Marriage: Theological and Pastoral Considerations
In view of the upcoming Extraordinary Meeting of the Synod of Bishops addressing the theme of “Pastoral Challenges to the Family in the Context of Evangelization,” the present issue of Communio focuses on the questions of the nature and pastoral care of marriage and the family.
“The nuptial dimension proper to every form of love is the point of departure for addressing pastoral challenges regarding marriage and the family.”
“The new openings for a pastoral approach based on mercy must take place within the continuity of the Church’s doctrinal tradition, which is itself an expression of divine mercy.”
“Belonging to the one flesh of Jesus and the Church is what makes the one flesh of the spouses new, sealing it with the same indissolubility of Christ’s love for his members.”
"Indissolubility, the incapacity of being dissolved, is the truth of giving."
"The deepest wounds in our culture stem from a crisis of faith."
“There is nothing more human than marriage, and yet no general human reality is more full of grace: marriage is, as St. Paul said, the ‘mega mystery.’”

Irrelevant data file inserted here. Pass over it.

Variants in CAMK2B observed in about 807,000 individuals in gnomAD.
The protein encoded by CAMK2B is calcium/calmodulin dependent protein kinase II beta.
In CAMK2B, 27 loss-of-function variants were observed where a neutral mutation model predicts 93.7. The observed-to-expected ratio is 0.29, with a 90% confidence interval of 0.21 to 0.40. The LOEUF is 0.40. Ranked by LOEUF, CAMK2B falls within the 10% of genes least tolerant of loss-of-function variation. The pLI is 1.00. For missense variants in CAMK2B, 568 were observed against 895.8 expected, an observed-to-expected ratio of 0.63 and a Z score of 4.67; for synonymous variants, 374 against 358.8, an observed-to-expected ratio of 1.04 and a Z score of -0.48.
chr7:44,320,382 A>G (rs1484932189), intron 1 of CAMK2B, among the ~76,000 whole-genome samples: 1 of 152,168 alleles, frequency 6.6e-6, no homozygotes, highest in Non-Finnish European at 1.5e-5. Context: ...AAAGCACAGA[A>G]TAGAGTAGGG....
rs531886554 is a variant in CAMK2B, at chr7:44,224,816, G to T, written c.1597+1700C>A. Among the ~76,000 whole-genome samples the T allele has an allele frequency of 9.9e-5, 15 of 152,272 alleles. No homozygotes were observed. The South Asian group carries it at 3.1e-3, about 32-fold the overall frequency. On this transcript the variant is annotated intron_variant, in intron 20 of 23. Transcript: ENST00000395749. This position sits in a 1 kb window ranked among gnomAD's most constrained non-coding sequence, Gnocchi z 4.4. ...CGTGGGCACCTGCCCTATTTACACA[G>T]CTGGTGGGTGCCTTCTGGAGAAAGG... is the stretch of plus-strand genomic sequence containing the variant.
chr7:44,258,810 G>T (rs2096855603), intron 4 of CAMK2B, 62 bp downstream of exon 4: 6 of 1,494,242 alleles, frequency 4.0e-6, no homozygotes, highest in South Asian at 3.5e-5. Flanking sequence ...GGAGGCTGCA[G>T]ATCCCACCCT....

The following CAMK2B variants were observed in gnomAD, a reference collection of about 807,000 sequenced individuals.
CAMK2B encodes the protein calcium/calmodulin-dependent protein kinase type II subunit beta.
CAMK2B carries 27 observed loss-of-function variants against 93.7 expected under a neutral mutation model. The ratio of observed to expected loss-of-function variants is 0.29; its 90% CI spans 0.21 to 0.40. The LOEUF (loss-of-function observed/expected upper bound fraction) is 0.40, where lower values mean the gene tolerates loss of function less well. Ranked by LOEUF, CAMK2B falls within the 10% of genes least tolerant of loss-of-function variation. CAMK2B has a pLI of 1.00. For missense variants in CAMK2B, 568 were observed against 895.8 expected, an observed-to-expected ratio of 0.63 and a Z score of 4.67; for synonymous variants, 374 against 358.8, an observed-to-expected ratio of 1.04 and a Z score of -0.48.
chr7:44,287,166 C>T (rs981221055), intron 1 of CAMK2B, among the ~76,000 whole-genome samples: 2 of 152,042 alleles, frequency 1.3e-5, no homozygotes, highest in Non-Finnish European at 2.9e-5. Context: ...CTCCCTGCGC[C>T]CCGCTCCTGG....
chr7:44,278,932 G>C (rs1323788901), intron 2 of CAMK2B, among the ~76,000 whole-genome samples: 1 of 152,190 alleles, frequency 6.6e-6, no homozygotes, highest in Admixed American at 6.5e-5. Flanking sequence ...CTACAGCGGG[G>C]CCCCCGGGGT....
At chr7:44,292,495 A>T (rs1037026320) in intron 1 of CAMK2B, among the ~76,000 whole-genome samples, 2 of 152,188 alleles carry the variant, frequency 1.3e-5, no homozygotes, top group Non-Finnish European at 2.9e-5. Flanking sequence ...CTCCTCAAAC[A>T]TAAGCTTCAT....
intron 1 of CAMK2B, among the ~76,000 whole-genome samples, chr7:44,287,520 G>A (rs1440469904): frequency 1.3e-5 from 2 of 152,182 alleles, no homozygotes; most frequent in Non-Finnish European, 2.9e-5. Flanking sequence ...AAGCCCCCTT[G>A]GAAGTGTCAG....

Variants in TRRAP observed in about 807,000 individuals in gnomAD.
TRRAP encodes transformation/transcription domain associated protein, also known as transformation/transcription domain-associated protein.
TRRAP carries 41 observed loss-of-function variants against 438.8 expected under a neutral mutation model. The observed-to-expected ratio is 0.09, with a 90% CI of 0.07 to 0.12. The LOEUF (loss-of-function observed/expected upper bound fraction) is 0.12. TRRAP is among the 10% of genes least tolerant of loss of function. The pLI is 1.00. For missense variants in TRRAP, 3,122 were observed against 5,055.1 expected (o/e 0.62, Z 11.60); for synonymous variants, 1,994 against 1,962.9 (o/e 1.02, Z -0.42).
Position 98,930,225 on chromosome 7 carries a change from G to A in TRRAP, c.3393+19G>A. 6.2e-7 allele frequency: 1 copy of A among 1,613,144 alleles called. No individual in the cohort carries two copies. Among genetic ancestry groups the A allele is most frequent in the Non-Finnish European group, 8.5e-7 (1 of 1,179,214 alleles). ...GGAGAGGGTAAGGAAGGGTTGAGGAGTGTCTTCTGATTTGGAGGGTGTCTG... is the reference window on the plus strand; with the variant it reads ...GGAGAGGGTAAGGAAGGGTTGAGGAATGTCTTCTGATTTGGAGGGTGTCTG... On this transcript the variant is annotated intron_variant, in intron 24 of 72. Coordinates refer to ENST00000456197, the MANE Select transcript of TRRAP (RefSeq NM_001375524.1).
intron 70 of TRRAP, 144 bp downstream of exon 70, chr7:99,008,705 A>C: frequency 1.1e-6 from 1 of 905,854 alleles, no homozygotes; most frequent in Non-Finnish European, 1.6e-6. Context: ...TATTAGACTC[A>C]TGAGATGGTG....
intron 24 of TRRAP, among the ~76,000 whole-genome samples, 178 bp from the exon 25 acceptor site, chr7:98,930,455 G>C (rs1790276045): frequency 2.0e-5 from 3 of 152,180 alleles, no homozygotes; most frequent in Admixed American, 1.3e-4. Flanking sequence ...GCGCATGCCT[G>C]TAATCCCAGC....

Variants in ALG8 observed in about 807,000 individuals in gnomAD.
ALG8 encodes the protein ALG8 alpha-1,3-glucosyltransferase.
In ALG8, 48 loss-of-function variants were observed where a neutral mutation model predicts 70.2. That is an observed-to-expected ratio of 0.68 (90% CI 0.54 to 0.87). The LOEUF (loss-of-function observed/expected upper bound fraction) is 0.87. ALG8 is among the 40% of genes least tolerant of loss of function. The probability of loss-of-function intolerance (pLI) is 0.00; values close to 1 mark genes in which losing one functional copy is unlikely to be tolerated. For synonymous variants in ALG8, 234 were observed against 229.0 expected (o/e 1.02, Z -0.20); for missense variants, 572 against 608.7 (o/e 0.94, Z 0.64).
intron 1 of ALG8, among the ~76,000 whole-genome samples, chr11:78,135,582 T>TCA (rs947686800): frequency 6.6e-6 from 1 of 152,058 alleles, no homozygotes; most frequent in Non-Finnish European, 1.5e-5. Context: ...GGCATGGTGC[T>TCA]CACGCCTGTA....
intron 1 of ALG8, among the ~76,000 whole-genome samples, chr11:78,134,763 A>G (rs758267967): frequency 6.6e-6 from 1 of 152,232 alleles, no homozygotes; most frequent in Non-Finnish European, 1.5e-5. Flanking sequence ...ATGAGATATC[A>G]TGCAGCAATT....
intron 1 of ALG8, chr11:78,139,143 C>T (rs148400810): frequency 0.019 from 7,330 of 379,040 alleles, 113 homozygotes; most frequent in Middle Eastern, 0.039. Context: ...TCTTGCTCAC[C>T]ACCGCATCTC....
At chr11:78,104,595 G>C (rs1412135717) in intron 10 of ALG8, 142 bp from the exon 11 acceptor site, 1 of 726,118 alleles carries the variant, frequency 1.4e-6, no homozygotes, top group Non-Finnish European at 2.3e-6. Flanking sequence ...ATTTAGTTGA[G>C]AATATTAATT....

“Even as a reality belonging to the order of nature, sexual union is a kind of liturgical act uniting . . . self-possession and self-sacrifice, in a gesture analogous to the Eucharist.”
“Public reason as it is currently configured in numerous court decisions, acts of legislation, and in political debate generally, in its blindness to communities as natural and integral wholes, effectively conceives all marriages as essentially ‘gay.’”
“Failing to strengthen love’s demand for faithfulness unto death . . . will take the Church to the point of becoming worldly, insignificant, and pastorally incapable of communicating God’s love.”
Retrieving the Tradition
John Paul II
“[L]ive at the heart of the sacrament of the Covenant, your marriage nourished by the Eucharist and the Eucharist illumined by your sacrament of marriage; the future of the world depends on it.”
“[T]oo great a desire to adapt himself to the needs of his time would endanger the authenticity of the historian’s work and by that very fact would deprive it of the interest it could have for his contemporaries.”
Stratford Caldecott was a man fitted for our time. We must submit to providence about why he has left us so soon. We come to mourn his passing, but also to recall his life.